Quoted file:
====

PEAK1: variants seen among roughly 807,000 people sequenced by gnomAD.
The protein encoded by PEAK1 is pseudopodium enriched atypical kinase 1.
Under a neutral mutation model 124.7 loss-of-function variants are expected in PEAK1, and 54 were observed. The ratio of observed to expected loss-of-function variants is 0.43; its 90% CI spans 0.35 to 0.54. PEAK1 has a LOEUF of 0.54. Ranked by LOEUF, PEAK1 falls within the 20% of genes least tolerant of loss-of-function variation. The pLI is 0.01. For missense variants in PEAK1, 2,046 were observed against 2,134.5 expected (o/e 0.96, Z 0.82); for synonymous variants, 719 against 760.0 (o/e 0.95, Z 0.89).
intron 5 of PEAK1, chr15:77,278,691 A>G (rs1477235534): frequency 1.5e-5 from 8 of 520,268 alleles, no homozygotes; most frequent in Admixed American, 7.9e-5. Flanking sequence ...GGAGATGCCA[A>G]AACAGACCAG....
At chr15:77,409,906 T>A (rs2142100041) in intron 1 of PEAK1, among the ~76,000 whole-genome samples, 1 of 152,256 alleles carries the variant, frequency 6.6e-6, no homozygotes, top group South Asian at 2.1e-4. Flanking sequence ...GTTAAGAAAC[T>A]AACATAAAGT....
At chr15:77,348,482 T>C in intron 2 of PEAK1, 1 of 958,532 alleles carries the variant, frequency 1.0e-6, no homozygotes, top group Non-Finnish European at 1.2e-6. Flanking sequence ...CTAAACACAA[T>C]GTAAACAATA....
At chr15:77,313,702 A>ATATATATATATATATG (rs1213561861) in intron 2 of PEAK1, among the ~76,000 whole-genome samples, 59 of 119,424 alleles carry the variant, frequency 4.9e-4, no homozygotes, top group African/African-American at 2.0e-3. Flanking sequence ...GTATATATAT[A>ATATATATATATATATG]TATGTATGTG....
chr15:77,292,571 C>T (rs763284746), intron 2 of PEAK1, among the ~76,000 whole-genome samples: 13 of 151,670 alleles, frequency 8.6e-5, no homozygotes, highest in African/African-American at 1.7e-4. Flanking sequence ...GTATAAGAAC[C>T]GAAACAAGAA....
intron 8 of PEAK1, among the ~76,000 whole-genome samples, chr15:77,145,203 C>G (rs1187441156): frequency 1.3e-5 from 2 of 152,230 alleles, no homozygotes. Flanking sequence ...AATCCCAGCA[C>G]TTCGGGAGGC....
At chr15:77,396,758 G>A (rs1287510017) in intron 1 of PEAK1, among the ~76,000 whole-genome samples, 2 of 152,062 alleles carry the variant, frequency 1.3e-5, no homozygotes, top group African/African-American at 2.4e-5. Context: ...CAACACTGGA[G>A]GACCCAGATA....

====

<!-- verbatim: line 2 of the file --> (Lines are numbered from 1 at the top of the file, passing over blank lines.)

The protein encoded by PEAK1 is pseudopodium enriched atypical kinase 1.